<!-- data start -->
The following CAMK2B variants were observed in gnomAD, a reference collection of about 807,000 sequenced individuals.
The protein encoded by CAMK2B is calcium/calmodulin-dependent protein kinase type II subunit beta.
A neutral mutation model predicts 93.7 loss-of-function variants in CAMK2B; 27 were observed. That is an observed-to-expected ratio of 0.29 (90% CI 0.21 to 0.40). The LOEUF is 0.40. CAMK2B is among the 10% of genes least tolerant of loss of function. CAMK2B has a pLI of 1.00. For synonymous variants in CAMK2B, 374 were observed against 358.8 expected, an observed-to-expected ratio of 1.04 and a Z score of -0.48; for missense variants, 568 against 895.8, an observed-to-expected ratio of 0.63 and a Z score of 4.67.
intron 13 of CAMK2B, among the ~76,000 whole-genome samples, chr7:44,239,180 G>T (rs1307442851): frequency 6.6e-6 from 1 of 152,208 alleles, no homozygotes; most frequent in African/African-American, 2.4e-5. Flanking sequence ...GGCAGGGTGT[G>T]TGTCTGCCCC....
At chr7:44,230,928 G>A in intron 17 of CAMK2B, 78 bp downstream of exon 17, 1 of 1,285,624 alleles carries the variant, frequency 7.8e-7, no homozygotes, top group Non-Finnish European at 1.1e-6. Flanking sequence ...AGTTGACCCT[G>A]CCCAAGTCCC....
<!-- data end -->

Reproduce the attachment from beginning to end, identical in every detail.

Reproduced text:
The following CAMK2B variants were observed in gnomAD, a reference collection of about 807,000 sequenced individuals.
The protein encoded by CAMK2B is calcium/calmodulin-dependent protein kinase type II subunit beta.
A neutral mutation model predicts 93.7 loss-of-function variants in CAMK2B; 27 were observed. That is an observed-to-expected ratio of 0.29 (90% CI 0.21 to 0.40). The LOEUF is 0.40. CAMK2B is among the 10% of genes least tolerant of loss of function. CAMK2B has a pLI of 1.00. For synonymous variants in CAMK2B, 374 were observed against 358.8 expected, an observed-to-expected ratio of 1.04 and a Z score of -0.48; for missense variants, 568 against 895.8, an observed-to-expected ratio of 0.63 and a Z score of 4.67.
intron 13 of CAMK2B, among the ~76,000 whole-genome samples, chr7:44,239,180 G>T (rs1307442851): frequency 6.6e-6 from 1 of 152,208 alleles, no homozygotes; most frequent in African/African-American, 2.4e-5. Flanking sequence ...GGCAGGGTGT[G>T]TGTCTGCCCC....
At chr7:44,230,928 G>A in intron 17 of CAMK2B, 78 bp downstream of exon 17, 1 of 1,285,624 alleles carries the variant, frequency 7.8e-7, no homozygotes, top group Non-Finnish European at 1.1e-6. Flanking sequence ...AGTTGACCCT[G>A]CCCAAGTCCC....